In a recent Decision, NAD addressed claims made by SC Johnson for its Glade fragrance warmers, which had been challenged by competitor Reckitt Benckiser, maker of Air Wick products. At issue were a number of SCJ’s claims, such as “More authentic lavender than Air Wick” and “The most adjustable fragrance warmer,” as well as statements like “Redesigned for a superior fragrance experience.”
First, NAD addressed two statements that SCJ defended as puffery and that RB challenged as unsubstantiated superiority claims: “Redesigned for a superior fragrance experience” and “Indulge in a fragrance experience like no other.” NAD determined that both constituted puffery, noting that a statement of superiority or uniqueness does not necessarily convey an “provable, quantifiable” or objective claim. “Superior” can simply mean high quality and “unique” can be understood literally – rather than as a statement of superiority. As NAD noted, “the fragrance formulae used by members of the air freshener industry are highly proprietary and, ipso facto, unique.” Thus, NAD found that both statements constituted puffery rather than claims requiring proof.
Next NAD examined claims about the authenticity of Glade’s lavender fragrance as compared to that provided by Air Wick. SCJ supported those claims with a 500 person sensory study in which participants sniffed two lavender-scented rooms and were asked which lavender fragrance, if either, smelled more “authentic.” Although the statistically significant results of the study showed that a majority of respondents thought Glade’s lavender fragrance smelled more authentic, NAD rejected the study as substantiation for the claim, finding it to be a “poor fit” for the messages conveyed.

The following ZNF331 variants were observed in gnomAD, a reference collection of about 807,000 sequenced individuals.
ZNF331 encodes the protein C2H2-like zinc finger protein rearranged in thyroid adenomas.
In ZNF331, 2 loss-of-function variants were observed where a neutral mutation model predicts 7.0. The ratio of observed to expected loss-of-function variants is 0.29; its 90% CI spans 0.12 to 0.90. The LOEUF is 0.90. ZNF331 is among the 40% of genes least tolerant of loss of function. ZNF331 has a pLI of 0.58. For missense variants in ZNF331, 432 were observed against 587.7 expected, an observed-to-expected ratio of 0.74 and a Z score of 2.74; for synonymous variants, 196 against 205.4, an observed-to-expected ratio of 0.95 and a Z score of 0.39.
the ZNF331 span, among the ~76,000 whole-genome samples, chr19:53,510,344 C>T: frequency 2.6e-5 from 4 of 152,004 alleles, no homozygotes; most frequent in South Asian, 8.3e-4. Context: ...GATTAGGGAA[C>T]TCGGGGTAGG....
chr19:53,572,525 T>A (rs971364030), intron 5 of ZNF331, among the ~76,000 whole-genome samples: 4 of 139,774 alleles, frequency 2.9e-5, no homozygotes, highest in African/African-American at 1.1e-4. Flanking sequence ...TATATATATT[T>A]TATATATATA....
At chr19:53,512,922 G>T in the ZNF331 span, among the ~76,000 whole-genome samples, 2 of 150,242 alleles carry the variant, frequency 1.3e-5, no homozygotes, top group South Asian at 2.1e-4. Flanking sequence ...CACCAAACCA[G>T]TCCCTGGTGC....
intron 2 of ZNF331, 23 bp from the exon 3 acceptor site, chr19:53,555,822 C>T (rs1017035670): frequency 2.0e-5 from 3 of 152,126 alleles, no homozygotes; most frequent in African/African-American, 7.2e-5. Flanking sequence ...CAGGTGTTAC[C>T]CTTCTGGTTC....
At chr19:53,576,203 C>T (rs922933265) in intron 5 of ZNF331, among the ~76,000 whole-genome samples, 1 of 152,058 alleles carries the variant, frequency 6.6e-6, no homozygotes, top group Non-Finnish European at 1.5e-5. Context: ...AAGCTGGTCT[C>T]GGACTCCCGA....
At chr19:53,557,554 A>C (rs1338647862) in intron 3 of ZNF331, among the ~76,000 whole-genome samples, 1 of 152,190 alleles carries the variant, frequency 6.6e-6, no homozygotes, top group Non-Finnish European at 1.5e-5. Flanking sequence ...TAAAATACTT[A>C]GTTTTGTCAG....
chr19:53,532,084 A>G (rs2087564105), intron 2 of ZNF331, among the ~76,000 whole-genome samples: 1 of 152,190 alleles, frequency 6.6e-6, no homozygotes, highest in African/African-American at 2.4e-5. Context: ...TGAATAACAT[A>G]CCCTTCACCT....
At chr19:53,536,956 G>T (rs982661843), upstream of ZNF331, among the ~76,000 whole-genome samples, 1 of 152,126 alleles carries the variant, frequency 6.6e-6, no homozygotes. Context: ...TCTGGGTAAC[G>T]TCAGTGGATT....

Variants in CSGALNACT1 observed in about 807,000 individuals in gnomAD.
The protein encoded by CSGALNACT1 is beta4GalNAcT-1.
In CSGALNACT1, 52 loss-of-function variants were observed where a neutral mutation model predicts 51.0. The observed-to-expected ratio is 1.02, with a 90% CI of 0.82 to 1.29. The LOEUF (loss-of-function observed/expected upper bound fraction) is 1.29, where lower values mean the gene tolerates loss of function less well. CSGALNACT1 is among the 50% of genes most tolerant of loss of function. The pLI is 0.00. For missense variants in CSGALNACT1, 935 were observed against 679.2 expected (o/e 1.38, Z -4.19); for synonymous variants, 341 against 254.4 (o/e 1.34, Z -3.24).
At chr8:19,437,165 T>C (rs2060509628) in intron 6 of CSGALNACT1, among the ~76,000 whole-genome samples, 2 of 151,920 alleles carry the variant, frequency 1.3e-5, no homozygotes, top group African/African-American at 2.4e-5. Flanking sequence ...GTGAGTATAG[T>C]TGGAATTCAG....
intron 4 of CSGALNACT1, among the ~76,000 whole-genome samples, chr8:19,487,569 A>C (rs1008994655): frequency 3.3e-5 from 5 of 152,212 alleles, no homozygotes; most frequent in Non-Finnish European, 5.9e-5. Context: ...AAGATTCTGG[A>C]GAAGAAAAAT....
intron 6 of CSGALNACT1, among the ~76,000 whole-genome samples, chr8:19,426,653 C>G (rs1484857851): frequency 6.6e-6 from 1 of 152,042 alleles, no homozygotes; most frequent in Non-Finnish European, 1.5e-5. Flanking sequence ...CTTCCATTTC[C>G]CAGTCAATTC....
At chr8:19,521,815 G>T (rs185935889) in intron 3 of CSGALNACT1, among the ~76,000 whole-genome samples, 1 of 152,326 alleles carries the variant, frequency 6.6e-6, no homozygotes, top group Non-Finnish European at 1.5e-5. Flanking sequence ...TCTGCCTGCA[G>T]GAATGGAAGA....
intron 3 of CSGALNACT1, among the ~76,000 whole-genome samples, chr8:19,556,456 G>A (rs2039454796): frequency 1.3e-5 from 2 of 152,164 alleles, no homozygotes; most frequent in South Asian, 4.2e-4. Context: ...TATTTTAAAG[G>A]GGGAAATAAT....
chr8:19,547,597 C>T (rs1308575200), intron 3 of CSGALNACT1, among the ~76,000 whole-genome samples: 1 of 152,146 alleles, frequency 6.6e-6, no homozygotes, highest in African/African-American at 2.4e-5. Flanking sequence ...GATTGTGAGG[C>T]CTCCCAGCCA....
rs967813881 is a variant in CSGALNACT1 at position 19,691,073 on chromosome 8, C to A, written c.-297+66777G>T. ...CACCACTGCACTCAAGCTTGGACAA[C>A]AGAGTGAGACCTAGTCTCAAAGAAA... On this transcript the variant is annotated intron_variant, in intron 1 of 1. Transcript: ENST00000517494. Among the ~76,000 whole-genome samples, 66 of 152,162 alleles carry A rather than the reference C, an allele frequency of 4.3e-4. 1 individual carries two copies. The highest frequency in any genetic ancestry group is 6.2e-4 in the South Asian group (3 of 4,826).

NAD found that “the core message of the claim – that SCJ’s product smells more like real lavender than its competitor’s – compares its product to authentic lavender.” But, since “there is no singular scent that can be identified as ‘authentic lavender’,” SCJ should not claim Glade smells more like it than Air Wick does. In other words, the study was based on subjective interpretations of what constitutes the fragrance of “authentic lavender,” but NAD found that the advertising conveyed a comparison to an objective reference point -- a real lavender plant -- particularly since the ad included images of real ones. Thus, NAD recommended that SCJ discontinue its comparative authenticity claims. (Ouch. Conducting a 500 person sensory study is no small matter.)
RB also challenged SCJ’s claims about the adjustability of the warmers in the context in which they were presented. RB argued that the claims, when used in conjunction with a particular graphic showing different rooms in a house, “implied that an individual warmer had the capacity to disseminate continuous fragrance potent enough to fill an entire home.” NAD disagreed, taking note of real world consumer use, i.e., that “consumers are aware that products of this type typically do not penetrate doors and are not capable of moving throughout a multilevel house.” However, NAD was concerned that the graphic could convey that the warmers are able to fill a large open space with fragrance, a claim which SCJ did not substantiate; accordingly, NAD recommended that SCJ discontinue use of its room graphic or otherwise make it clear in its ads that its product cannot fill any size space with fragrance.
Case Report #6415
(Description of graphic for visually-impaired readers: photograph of lavender plants in a field.)